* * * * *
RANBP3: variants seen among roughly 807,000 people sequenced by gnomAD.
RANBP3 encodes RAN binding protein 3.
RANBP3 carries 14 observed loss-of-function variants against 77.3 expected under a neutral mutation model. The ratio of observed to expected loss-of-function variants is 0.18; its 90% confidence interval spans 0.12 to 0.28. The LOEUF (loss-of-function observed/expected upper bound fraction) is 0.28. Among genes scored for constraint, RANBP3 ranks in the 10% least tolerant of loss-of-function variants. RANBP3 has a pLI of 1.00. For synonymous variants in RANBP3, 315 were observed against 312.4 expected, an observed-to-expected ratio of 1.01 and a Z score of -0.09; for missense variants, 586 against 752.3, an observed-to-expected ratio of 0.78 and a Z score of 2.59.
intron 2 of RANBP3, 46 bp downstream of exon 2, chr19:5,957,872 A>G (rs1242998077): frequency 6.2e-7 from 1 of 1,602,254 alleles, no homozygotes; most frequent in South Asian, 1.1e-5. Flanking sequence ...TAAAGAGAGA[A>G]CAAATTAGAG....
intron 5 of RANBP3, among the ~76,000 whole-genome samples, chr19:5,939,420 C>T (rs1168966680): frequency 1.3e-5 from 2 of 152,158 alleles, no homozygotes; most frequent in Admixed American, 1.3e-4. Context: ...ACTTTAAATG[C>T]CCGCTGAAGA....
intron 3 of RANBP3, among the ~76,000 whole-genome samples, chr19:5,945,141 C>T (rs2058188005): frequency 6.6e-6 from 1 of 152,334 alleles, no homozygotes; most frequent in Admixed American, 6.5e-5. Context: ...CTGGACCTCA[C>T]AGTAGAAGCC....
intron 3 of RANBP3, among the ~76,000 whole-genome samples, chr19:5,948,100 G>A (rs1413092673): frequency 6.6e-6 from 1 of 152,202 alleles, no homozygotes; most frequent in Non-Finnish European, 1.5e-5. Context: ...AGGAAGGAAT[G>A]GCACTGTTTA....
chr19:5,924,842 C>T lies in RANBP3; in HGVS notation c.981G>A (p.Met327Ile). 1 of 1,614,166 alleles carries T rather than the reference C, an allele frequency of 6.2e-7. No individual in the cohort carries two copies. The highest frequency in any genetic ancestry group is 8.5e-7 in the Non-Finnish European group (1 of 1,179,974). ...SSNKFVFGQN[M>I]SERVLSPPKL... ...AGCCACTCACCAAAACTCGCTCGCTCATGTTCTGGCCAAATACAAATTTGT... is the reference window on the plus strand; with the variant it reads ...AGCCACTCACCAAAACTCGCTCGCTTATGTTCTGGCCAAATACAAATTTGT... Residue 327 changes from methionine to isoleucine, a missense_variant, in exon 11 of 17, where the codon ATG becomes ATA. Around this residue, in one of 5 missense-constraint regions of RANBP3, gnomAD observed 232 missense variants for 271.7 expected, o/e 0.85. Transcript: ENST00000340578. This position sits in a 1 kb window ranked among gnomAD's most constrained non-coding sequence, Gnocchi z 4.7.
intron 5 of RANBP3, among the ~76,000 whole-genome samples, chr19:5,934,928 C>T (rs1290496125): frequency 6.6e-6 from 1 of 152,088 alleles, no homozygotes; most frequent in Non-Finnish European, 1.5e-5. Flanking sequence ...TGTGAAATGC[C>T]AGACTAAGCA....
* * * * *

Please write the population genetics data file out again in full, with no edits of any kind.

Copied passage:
RANBP3: variants seen among roughly 807,000 people sequenced by gnomAD.
RANBP3 encodes RAN binding protein 3.
RANBP3 carries 14 observed loss-of-function variants against 77.3 expected under a neutral mutation model. The ratio of observed to expected loss-of-function variants is 0.18; its 90% confidence interval spans 0.12 to 0.28. The LOEUF (loss-of-function observed/expected upper bound fraction) is 0.28. Among genes scored for constraint, RANBP3 ranks in the 10% least tolerant of loss-of-function variants. RANBP3 has a pLI of 1.00. For synonymous variants in RANBP3, 315 were observed against 312.4 expected, an observed-to-expected ratio of 1.01 and a Z score of -0.09; for missense variants, 586 against 752.3, an observed-to-expected ratio of 0.78 and a Z score of 2.59.
intron 2 of RANBP3, 46 bp downstream of exon 2, chr19:5,957,872 A>G (rs1242998077): frequency 6.2e-7 from 1 of 1,602,254 alleles, no homozygotes; most frequent in South Asian, 1.1e-5. Flanking sequence ...TAAAGAGAGA[A>G]CAAATTAGAG....
intron 5 of RANBP3, among the ~76,000 whole-genome samples, chr19:5,939,420 C>T (rs1168966680): frequency 1.3e-5 from 2 of 152,158 alleles, no homozygotes; most frequent in Admixed American, 1.3e-4. Context: ...ACTTTAAATG[C>T]CCGCTGAAGA....
intron 3 of RANBP3, among the ~76,000 whole-genome samples, chr19:5,945,141 C>T (rs2058188005): frequency 6.6e-6 from 1 of 152,334 alleles, no homozygotes; most frequent in Admixed American, 6.5e-5. Context: ...CTGGACCTCA[C>T]AGTAGAAGCC....
intron 3 of RANBP3, among the ~76,000 whole-genome samples, chr19:5,948,100 G>A (rs1413092673): frequency 6.6e-6 from 1 of 152,202 alleles, no homozygotes; most frequent in Non-Finnish European, 1.5e-5. Context: ...AGGAAGGAAT[G>A]GCACTGTTTA....
chr19:5,924,842 C>T lies in RANBP3; in HGVS notation c.981G>A (p.Met327Ile). 1 of 1,614,166 alleles carries T rather than the reference C, an allele frequency of 6.2e-7. No individual in the cohort carries two copies. The highest frequency in any genetic ancestry group is 8.5e-7 in the Non-Finnish European group (1 of 1,179,974). ...SSNKFVFGQN[M>I]SERVLSPPKL... ...AGCCACTCACCAAAACTCGCTCGCTCATGTTCTGGCCAAATACAAATTTGT... is the reference window on the plus strand; with the variant it reads ...AGCCACTCACCAAAACTCGCTCGCTTATGTTCTGGCCAAATACAAATTTGT... Residue 327 changes from methionine to isoleucine, a missense_variant, in exon 11 of 17, where the codon ATG becomes ATA. Around this residue, in one of 5 missense-constraint regions of RANBP3, gnomAD observed 232 missense variants for 271.7 expected, o/e 0.85. Transcript: ENST00000340578. This position sits in a 1 kb window ranked among gnomAD's most constrained non-coding sequence, Gnocchi z 4.7.
intron 5 of RANBP3, among the ~76,000 whole-genome samples, chr19:5,934,928 C>T (rs1290496125): frequency 6.6e-6 from 1 of 152,088 alleles, no homozygotes; most frequent in Non-Finnish European, 1.5e-5. Flanking sequence ...TGTGAAATGC[C>T]AGACTAAGCA....